Local Governments internationally are constantly challenged to provide resources for maintaining and improving urban areas. This study illustrates that South African Local Governments are struggling to provide the services needed to maintain and rejuvenate cities. With budgets stretched to the limit, there is no or little money in the Local Governments to initiate the changes required to rejuvenate urban areas, be it through cosmetic or physical improvements. The study of history of urban decay and urban rejuvenation demonstrates the global shift to entrepreneurial styles of urban rejuvenation, such as the use of Improvement Districts in urban areas to bring about urban rejuvenation. In exploring the services provided by Improvement Districts, through Public-Private Partnerships (PPP’s) with Local Governments; their links with urban renewal; and the current status of Improvement District in South Africa this study demonstrates the usefulness of Improvement Districts to rejuvenate urban areas through the self-imposed additional taxation of property owners. The study is both quantitative and qualitative in nature, containing elements of both a descriptive survey and a historical study. In this study, a snap survey design is utilized, using expert sampling whereby all the legally ratified Improvement Districts in South Africa are included in the study. Personal observations, literature, structured questionnaires and interviews are utilised to determine how Improvement Districts in South Africa are increasingly being used by local business in conjunction with Local Governments to address the economic and social problems being faced by urban areas to create safer and cleaner places that generate increased revenues for business’ and the city. Descriptive statistics and where appropriate, inferential statistics, are used to explore the two research questions posed by this study. Through this study, a greater understanding of the functions, types, services, developmental strategies and objectives of South African Improvement Districts is achieved. The study explores the successes achieved by Improvement Districts, in South Africa, and their contribution to the rejuvenation of urban areas. Improvement Districts are identified as being able to create long-term sustainable solutions that help to solve numerous complex urban problems through a number of mechanisms. Improvement Districts are furthermore identified as having the ability to bring about the limited economic development of not only retail and office areas but also industrial, educational and tourism regions in the city. Improvement Districts improve the urban pattern through developing more compatible land uses and they broaden the economic base of communities, stimulating the pride and positive human values of residents. In this way, Improvement Districts contribute to the sustainable rejuvenation of South African cities.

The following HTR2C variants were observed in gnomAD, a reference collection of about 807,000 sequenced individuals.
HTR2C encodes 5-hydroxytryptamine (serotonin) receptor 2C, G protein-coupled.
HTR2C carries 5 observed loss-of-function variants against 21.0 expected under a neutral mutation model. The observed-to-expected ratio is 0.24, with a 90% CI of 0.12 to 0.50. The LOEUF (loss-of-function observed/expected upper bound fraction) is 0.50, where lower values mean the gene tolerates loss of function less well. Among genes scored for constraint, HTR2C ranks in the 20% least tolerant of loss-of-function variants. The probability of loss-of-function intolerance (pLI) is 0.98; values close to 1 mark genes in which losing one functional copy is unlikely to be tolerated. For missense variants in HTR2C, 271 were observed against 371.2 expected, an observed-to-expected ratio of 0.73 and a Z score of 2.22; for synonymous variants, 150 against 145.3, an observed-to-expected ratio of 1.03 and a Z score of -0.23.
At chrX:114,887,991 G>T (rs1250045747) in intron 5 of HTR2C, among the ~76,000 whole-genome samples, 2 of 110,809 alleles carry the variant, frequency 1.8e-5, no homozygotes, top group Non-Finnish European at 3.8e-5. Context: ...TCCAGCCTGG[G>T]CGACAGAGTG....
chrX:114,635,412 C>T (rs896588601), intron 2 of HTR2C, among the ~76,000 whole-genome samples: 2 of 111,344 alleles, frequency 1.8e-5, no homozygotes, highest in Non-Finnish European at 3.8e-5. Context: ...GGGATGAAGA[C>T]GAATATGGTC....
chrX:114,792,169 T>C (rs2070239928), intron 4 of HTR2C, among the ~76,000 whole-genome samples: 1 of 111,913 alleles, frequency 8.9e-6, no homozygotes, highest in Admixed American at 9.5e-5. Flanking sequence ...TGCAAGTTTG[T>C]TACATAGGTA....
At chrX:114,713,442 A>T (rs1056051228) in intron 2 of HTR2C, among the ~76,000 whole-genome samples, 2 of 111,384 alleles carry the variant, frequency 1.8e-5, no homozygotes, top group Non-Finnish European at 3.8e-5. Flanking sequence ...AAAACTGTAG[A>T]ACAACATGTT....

Dissertation (M (Town and Regional Planning))--University of Pretoria, 2007.